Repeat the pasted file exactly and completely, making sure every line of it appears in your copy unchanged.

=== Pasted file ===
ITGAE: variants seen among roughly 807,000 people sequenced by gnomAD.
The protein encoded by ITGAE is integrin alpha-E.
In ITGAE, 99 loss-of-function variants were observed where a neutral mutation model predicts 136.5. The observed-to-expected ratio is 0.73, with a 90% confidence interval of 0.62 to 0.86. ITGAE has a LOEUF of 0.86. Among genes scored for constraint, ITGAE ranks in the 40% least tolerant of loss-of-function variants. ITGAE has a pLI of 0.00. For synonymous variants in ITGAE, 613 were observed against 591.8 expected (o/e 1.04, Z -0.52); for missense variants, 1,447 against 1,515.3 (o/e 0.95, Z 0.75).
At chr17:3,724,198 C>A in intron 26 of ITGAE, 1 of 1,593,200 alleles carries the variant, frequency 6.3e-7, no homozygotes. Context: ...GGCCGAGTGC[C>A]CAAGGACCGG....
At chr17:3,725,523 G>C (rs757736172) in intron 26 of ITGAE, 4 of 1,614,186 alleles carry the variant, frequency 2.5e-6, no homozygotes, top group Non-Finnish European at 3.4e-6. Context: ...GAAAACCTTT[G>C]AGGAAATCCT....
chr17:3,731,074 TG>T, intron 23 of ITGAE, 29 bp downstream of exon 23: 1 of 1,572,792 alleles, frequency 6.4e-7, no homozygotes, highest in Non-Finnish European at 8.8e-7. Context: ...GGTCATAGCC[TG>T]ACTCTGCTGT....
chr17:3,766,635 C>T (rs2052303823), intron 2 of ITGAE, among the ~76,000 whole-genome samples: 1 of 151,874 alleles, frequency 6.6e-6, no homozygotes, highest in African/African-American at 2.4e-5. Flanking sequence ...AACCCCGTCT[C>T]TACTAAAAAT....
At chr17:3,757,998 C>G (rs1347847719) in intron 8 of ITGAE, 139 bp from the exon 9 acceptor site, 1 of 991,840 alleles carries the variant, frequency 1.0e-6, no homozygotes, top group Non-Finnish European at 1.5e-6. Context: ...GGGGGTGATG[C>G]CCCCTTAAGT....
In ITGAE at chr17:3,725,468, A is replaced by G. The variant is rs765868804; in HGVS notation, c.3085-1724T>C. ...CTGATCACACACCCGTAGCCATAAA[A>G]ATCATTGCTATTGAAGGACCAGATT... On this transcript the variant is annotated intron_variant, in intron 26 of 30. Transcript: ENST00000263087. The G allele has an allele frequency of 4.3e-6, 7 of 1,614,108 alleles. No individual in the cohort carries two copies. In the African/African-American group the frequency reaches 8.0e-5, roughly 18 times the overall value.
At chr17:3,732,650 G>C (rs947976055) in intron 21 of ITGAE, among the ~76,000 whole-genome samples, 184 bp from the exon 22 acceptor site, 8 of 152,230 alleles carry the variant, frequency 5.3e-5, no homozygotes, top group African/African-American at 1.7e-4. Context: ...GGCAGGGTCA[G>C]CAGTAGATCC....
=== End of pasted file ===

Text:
ITGAE: variants seen among roughly 807,000 people sequenced by gnomAD.
The protein encoded by ITGAE is integrin alpha-E.
In ITGAE, 99 loss-of-function variants were observed where a neutral mutation model predicts 136.5. The observed-to-expected ratio is 0.73, with a 90% confidence interval of 0.62 to 0.86. ITGAE has a LOEUF of 0.86. Among genes scored for constraint, ITGAE ranks in the 40% least tolerant of loss-of-function variants. ITGAE has a pLI of 0.00. For synonymous variants in ITGAE, 613 were observed against 591.8 expected (o/e 1.04, Z -0.52); for missense variants, 1,447 against 1,515.3 (o/e 0.95, Z 0.75).
At chr17:3,724,198 C>A in intron 26 of ITGAE, 1 of 1,593,200 alleles carries the variant, frequency 6.3e-7, no homozygotes. Context: ...GGCCGAGTGC[C>A]CAAGGACCGG....
At chr17:3,725,523 G>C (rs757736172) in intron 26 of ITGAE, 4 of 1,614,186 alleles carry the variant, frequency 2.5e-6, no homozygotes, top group Non-Finnish European at 3.4e-6. Context: ...GAAAACCTTT[G>C]AGGAAATCCT....
chr17:3,731,074 TG>T, intron 23 of ITGAE, 29 bp downstream of exon 23: 1 of 1,572,792 alleles, frequency 6.4e-7, no homozygotes, highest in Non-Finnish European at 8.8e-7. Context: ...GGTCATAGCC[TG>T]ACTCTGCTGT....
chr17:3,766,635 C>T (rs2052303823), intron 2 of ITGAE, among the ~76,000 whole-genome samples: 1 of 151,874 alleles, frequency 6.6e-6, no homozygotes, highest in African/African-American at 2.4e-5. Flanking sequence ...AACCCCGTCT[C>T]TACTAAAAAT....
At chr17:3,757,998 C>G (rs1347847719) in intron 8 of ITGAE, 139 bp from the exon 9 acceptor site, 1 of 991,840 alleles carries the variant, frequency 1.0e-6, no homozygotes, top group Non-Finnish European at 1.5e-6. Context: ...GGGGGTGATG[C>G]CCCCTTAAGT....
In ITGAE at chr17:3,725,468, A is replaced by G. The variant is rs765868804; in HGVS notation, c.3085-1724T>C. ...CTGATCACACACCCGTAGCCATAAA[A>G]ATCATTGCTATTGAAGGACCAGATT... On this transcript the variant is annotated intron_variant, in intron 26 of 30. Transcript: ENST00000263087. The G allele has an allele frequency of 4.3e-6, 7 of 1,614,108 alleles. No individual in the cohort carries two copies. In the African/African-American group the frequency reaches 8.0e-5, roughly 18 times the overall value.
At chr17:3,732,650 G>C (rs947976055) in intron 21 of ITGAE, among the ~76,000 whole-genome samples, 184 bp from the exon 22 acceptor site, 8 of 152,230 alleles carry the variant, frequency 5.3e-5, no homozygotes, top group African/African-American at 1.7e-4. Context: ...GGCAGGGTCA[G>C]CAGTAGATCC....